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Global Economic Research

How Mind Games Played Out In Monetary Policy

Central banks may have been done in by confirmation bias and overconfidence.

Central banks around the world were hailed in the spring of 2020 for taking quick and decisive action to arrest the economic damage inflicted by COVID-19. Two years later, central banks are being vilified for their actions during that interval, which have allowed inflation to become unchained. How did monetary policy go from a cure-all to a curse?  With the benefit of hindsight, behavioral factors played a significant role. 

During the 2010s, inflation was stubbornly low. At several points during the decade, central banks were convinced that prices were about to take off, only to see them remain in check. Expectations became anchored by this experience, and perceived inflation risk diminished. This supported very easy monetary policy, which was seen as producing broad gains in employment and narrowing economic inequality.

As incoming inflation readings became progressively more troubling, confirmation bias initially led officials to blame transitory factors. Now that high inflation has proven persistent, central banks are initiating programs to raise interest rates and shrink balance sheets on a scale that has not been seen in a very long time.

Central banks may have been done in by behavioral economics.

Weekly Economic Commentary: Cahrt 4

Another behavioral aspect that has played into the policy error is overconfidence. No matter the blend of luck and skill that leads to success, human beings tend to take the lion’s share of credit for themselves.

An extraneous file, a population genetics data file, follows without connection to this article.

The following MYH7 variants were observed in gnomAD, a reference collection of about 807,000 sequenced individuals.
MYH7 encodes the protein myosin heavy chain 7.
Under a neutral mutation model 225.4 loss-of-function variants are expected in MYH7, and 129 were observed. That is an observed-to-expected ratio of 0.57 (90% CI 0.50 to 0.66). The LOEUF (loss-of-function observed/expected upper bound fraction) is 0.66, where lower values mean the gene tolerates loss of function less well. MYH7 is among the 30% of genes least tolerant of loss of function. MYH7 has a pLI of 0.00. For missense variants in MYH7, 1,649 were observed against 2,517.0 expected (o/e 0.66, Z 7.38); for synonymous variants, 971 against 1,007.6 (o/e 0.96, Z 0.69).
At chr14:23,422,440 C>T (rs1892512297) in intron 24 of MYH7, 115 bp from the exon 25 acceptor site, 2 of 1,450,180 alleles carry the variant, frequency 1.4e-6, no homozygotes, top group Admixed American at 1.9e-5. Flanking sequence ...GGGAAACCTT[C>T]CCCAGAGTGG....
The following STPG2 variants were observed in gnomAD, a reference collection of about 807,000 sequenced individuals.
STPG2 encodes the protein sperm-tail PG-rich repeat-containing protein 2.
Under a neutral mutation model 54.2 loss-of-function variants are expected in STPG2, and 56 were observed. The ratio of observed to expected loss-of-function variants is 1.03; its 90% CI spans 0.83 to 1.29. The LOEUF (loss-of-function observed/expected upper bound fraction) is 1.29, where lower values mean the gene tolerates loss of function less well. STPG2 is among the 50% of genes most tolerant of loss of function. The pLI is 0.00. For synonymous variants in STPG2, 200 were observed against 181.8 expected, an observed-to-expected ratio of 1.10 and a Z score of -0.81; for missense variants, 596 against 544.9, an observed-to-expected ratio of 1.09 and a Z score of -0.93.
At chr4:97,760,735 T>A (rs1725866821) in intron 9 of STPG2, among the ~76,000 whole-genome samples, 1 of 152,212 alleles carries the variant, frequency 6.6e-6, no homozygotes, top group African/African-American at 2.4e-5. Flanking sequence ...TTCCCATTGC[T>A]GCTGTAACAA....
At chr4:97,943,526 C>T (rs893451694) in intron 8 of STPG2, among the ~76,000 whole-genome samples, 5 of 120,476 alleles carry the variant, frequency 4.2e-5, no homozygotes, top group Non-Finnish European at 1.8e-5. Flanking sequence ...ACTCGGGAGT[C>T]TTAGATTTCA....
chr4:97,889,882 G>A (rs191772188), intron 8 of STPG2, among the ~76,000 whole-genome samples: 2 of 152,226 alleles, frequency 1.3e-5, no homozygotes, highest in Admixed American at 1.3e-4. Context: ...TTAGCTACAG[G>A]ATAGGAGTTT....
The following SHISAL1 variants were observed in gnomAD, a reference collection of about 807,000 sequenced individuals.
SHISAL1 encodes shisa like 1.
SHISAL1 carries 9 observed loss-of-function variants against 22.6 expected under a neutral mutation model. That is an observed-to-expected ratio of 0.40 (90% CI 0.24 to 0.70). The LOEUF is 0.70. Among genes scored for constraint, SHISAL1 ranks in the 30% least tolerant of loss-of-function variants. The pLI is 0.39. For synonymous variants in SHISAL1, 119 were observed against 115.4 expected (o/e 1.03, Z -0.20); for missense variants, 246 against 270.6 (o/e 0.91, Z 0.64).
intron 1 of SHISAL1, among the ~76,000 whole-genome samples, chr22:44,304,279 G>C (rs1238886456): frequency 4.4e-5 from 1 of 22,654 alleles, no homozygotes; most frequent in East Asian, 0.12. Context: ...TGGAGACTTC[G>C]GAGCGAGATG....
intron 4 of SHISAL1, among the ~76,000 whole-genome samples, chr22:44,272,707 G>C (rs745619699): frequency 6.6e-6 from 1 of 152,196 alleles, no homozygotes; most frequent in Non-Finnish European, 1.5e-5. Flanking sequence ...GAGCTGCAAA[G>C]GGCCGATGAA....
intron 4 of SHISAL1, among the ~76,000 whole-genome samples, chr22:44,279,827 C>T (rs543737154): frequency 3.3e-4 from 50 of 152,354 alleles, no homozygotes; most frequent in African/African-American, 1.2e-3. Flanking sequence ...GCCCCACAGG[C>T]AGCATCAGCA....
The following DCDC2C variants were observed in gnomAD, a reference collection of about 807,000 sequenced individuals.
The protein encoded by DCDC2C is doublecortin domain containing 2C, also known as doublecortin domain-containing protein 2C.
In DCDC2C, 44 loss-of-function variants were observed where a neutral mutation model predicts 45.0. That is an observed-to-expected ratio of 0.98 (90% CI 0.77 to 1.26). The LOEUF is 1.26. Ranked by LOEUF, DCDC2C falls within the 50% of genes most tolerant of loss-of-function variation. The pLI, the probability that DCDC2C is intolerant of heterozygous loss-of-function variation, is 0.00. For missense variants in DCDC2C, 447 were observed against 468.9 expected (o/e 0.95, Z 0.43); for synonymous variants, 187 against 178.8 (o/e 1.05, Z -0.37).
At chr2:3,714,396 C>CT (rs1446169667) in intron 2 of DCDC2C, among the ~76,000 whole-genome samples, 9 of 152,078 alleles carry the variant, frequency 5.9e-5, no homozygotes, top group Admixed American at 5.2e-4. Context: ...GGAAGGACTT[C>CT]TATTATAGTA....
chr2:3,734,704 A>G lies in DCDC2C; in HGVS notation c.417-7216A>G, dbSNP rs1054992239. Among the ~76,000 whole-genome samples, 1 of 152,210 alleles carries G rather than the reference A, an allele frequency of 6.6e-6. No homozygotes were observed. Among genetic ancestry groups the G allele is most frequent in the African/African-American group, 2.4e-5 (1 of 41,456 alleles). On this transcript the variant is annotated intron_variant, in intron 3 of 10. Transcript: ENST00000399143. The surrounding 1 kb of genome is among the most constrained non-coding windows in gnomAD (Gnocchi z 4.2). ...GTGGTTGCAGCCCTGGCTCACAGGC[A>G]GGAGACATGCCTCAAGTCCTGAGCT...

Central bankers could be excused for being proud of what they achieved over recent decades: long expansions, strong markets and limited inflation. But this experience may have led them to believe that they had mastered the business cycle, and could always fine tune policy to achieve desired outcomes.

Central banks may also have convinced themselves that they could replicate their success in other arenas: climate change, the payments system and economic inequality. While all three of these topics have ties to growth and inflation, they are all better addressed through legislative and diplomatic channels. In allowing their missions to creep, some say, central banks lost sight of their central purpose. 

It is unfair to criticize policy in retrospect, as we now know with certainty things that were uncertain when choices were made. But as central bankers reconsider strategy, they should make sure that they have their minds right.


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Carl R. Tannenbaum

Executive Vice President and Chief Economist
Carl Tannenbaum is the Chief Economist for Northern Trust. In this role, he briefs clients and colleagues on the economy and business conditions, prepares the bank's official economic outlook and participates in forecast surveys. He is a member of Northern Trust's investment policy committee, its capital committee, and its asset/liability management committee.

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